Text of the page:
To understand the problem more fully and enhance the effectiveness of our future response, the National Review Board will commission a comprehensive study of the causes and context of the current crisis. The board will also commission a descriptive study, with the full cooperation of our dioceses/eparchies, of the nature and scope of the problem within the Catholic Church in the United States, including such data as statistics on perpetrators and victims.

The report on those studies is scheduled to be made public in late February 2004. The first, commissioned by the National Review Board (made up entirely of Catholic laity), under the authority given by the bishops, will study and report on the nature and scope of this crisis. The National Review Board commissioned the John Jay College of Criminal Justice, which is part of City University of New York, to do this study, which consists of a survey of all dioceses in this country. Our diocese has replied in full to this inquiry. I understand that this is to be a national study on the nature and scope of this crisis, but will not refer to the specifics of any one diocese.

The other study, to be released on the same day, has been undertaken directly by the National Review Board, and so far consists of hundreds of interviews across the country. At the request of the bishops, this National Review Board study probes the context and causes of this crisis. I was invited to be interviewed by a committee of this board, which included Justice Anne M. Burke of the Illinois Appellate Court, the interim chair of the National Review Board, and attorney Robert Bennett. I was pleased to meet with them in Chicago for a wide-ranging conversation on this topic, which was especially related to the letters I wrote in Boston, to my seminary work and to my experience in this diocese.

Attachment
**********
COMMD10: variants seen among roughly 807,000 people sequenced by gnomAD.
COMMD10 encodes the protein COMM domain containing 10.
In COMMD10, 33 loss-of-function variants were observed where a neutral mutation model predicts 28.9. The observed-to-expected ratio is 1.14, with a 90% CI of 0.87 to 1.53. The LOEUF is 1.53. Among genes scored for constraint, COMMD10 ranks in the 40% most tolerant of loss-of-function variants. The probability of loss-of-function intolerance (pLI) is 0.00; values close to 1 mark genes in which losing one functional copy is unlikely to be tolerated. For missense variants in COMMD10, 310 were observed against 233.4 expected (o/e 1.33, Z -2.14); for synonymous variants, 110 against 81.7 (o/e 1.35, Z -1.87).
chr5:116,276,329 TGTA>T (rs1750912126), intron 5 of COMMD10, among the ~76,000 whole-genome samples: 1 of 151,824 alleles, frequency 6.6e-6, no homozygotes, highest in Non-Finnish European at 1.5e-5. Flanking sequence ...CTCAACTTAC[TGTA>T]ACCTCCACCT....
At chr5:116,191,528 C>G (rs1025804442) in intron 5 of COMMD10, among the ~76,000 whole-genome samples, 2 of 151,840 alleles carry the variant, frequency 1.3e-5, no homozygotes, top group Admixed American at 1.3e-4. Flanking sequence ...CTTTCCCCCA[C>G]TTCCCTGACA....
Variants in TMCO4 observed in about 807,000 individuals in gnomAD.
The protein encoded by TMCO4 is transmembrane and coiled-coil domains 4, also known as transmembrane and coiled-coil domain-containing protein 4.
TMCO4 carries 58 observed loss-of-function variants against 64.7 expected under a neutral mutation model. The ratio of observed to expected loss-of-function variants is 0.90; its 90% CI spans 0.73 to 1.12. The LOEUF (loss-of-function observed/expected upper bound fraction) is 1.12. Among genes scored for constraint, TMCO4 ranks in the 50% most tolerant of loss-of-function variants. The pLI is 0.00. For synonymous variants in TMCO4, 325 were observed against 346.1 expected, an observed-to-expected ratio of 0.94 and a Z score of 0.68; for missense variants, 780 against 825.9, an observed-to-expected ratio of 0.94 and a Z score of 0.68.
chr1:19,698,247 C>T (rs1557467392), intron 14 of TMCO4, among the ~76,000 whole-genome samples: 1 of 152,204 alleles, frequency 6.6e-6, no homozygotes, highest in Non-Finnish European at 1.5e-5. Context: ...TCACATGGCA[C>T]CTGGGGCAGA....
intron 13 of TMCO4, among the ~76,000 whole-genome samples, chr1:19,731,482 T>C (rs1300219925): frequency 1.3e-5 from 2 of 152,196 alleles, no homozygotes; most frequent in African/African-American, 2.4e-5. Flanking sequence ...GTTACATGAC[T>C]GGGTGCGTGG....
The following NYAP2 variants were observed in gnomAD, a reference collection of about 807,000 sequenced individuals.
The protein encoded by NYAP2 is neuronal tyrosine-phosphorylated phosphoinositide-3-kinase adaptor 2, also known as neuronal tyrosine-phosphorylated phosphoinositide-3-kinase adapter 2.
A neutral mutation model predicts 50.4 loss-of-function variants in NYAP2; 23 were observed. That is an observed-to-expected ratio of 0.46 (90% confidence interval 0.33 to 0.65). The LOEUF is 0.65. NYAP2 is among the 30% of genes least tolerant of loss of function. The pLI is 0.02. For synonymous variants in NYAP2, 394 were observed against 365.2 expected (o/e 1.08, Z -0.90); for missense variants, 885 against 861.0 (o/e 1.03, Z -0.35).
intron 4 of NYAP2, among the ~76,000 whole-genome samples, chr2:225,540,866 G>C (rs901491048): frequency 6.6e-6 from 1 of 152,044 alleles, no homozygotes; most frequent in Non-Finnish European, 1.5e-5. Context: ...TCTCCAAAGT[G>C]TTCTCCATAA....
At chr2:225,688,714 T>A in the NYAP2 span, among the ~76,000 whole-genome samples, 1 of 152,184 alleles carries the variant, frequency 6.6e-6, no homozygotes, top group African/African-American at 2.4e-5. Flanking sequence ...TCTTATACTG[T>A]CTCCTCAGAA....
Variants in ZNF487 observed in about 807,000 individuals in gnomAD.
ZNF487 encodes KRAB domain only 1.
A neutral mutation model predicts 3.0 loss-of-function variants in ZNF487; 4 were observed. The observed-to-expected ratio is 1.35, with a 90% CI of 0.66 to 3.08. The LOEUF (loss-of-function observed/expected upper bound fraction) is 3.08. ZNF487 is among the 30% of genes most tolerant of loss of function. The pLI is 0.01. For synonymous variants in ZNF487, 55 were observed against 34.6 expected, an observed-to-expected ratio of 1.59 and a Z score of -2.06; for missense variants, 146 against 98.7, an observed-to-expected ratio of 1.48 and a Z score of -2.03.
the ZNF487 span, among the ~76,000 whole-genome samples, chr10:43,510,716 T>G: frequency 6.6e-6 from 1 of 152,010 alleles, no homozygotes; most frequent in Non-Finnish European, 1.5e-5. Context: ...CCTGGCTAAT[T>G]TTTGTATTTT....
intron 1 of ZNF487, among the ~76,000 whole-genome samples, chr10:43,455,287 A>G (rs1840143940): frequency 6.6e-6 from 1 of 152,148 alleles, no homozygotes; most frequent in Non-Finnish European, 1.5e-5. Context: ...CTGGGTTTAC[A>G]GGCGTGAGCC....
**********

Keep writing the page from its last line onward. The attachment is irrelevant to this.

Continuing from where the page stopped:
The local church of Fort Wayne-South Bend

Since neither of these two national studies will give specifics on any particular diocese, it seemed appropriate and timely for me to present to the public an accounting concerning our diocese. First, I will present the result of our review going back to 1950, and then I will give a complete review of the 18 years that I have been privileged to be bishop of this historic diocese. I present this in the spirit of Article 7 of the charter, which states:

Each diocese/eparchy will develop a communications policy that reflects a commitment to transparency and openness. Within the confines of respect for the privacy and the reputation of the individuals involved, diocese/eparchies will deal as openly as possible with members of the community.